SIR JOHN HARGRAVE’S MISCHIEF MAKER’S MANUEL

Making a brave attempt to erect an ethical framework for ambitious pranksters, Web gagmeister Hargrave (Prank the Monkey, 2007, for adults) layers common-sense principles (“A good prank is easily cleaned up, taken down, or thrown away. This makes it harder for anyone to press charges”) with instructions for several classic gags, plus suggestions for easily available devices and materials to add to the prankster’s toolkit. Sometimes ignoring his own advice about safety, the author arranges projects in order of complexity from basic dribble glasses and telephone hijinks to, in later chapters, making exploding cigarettes or the world’s largest butt photo. Enhanced by lots of simple diagrams (as well as a helpful associated website) and packaged with an alternate sleeve to disguise the cover plus eight foldout recipes for such delicacies as fake vomit and tuna cookies, this compact vade mecum will thrill armchair jokers and may be taken to heart by a few of the active sort too. (Nonfiction. 10-13)

Pub Date: June 1, 2009

ISBN: 978-0-448-44982-1

Page Count: 272

Publisher: Grosset & Dunlap

Review Posted Online: May 20, 2010

Kirkus Reviews Issue: May 1, 2009

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JAM!

THE STORY OF JAZZ MUSIC

A busy page design—artily superimposed text and photos, tinted portraits, and break-out boxes—and occasionally infelicitous writing (“Trumpeter Dizzy Gillespie became . . . bandleader of the quintet at the Onyx Club, from which bebop got its name”) give this quick history of jazz a slapdash air, but Lee delves relatively deeply into the music’s direct and indirect African roots, then goes beyond the usual tedious tally of names to present a coherent picture of specific influences and innovations associated with the biggest names in jazz. A highly selective discography will give readers who want to become listeners a jump start; those seeking more background will want to follow this up with James Lincoln Collier’s Jazz (1997). (glossary, further reading, index) (Nonfiction. 9-11)

Pub Date: Aug. 1, 1999

ISBN: 0-8239-1852-1

Page Count: 64

Publisher: N/A

Review Posted Online: May 20, 2010

Kirkus Reviews Issue: July 1, 1999

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1000 MAKERS OF THE MILLENNIUM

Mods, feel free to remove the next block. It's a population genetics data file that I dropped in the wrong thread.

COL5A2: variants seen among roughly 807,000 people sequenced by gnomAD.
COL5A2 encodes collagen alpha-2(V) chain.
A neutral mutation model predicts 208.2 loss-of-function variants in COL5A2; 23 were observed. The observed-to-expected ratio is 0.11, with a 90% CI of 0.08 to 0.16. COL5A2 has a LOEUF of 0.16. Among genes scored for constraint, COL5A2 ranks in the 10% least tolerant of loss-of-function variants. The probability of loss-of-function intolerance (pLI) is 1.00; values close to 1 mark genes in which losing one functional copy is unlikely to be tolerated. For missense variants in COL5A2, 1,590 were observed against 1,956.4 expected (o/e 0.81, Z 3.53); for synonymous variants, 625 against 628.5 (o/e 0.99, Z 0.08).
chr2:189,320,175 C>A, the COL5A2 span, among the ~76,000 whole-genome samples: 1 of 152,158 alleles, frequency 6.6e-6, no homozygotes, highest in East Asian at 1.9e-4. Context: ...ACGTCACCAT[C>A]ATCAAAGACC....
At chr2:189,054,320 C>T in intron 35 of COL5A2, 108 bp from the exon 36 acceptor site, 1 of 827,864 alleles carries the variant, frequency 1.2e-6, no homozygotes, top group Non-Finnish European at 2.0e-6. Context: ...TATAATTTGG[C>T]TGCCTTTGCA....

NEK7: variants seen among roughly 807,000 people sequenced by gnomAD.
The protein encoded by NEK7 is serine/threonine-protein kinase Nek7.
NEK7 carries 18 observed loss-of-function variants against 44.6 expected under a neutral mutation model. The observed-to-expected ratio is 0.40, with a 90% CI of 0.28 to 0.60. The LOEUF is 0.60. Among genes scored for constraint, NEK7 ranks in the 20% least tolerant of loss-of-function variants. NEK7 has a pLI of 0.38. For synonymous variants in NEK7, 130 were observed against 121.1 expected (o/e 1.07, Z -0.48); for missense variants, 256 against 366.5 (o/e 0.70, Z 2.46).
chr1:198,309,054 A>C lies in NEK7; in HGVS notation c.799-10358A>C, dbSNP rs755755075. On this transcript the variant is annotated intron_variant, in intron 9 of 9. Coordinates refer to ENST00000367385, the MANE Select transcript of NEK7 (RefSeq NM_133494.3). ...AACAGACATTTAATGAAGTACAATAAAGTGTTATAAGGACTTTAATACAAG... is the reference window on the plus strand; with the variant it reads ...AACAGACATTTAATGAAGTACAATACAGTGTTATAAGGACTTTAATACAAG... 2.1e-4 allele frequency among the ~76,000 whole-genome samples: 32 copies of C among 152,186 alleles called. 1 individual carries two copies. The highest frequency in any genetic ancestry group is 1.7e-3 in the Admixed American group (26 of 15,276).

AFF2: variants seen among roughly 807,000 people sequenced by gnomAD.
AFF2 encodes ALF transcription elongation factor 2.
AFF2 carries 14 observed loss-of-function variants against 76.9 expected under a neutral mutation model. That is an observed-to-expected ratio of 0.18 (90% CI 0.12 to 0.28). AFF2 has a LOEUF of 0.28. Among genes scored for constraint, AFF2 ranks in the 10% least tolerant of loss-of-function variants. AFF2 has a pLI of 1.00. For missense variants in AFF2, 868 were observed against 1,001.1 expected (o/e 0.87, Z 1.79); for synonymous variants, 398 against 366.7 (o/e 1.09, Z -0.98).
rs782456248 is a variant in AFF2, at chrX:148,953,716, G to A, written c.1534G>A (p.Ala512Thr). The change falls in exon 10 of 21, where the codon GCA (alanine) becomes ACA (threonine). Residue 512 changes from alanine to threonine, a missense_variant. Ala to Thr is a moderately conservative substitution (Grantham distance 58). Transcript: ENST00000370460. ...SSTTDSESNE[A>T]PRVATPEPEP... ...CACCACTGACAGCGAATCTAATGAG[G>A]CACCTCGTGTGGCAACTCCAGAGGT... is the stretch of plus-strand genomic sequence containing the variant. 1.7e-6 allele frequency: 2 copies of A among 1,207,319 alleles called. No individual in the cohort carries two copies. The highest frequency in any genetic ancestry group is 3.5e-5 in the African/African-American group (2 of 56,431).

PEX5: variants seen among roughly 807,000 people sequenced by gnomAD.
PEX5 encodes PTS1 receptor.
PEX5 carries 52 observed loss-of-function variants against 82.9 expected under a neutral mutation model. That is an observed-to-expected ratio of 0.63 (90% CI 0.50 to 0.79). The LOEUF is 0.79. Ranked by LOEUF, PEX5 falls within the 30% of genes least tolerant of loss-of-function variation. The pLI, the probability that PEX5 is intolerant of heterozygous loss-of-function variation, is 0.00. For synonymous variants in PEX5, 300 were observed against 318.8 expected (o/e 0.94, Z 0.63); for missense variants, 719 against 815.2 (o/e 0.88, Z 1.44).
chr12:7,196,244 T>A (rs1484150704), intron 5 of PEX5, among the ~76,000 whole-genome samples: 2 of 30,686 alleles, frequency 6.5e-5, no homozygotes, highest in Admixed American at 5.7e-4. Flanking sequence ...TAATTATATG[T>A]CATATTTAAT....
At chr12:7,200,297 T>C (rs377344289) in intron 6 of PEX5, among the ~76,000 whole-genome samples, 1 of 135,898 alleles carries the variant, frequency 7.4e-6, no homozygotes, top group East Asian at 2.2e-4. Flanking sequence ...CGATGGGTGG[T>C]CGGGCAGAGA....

With an emphasis on Western “makers” of the millennium, and, perhaps inevitably, deep coverage of the last 200 years and fleeting coverage of the first few centuries, this volume offers brief biographical sketches of 1,000 people who had an impact on the last 1,000 years. Profusely illustrated and printed on heavy glossy stock, this is a coffee table book for children, meant to be dipped into rather than read from start to finish. Organized chronologically, with a chapter for each century, the parade of people is given context through a timeline of major events, with those of particular importance discussed in special boxes. As with any effort of this kind, there are surprising omissions (the publisher is creating a website for readers’ own suggestions) and inclusions, a Western predominance that grows more pronounced in the later centuries, and an emphasis on sports and celebrity that finishes off the last few decades. The selection can seem highly subjective and provocatively arbitrary, e.g., the US presidents from Nixon back to Teddy Roosevelt are all covered, but none after Nixon. Still, there is a clear effort to include a wide variety of countries and cultures, and this ambitious effort will be the starting point for many historical journeys. (chronology, index) (Nonfiction. 8-12)

Pub Date: Nov. 1, 1999

ISBN: 0-7894-4709-6

Page Count: 256

Publisher: DK Publishing

Review Posted Online: May 20, 2010

Kirkus Reviews Issue: Nov. 15, 1999

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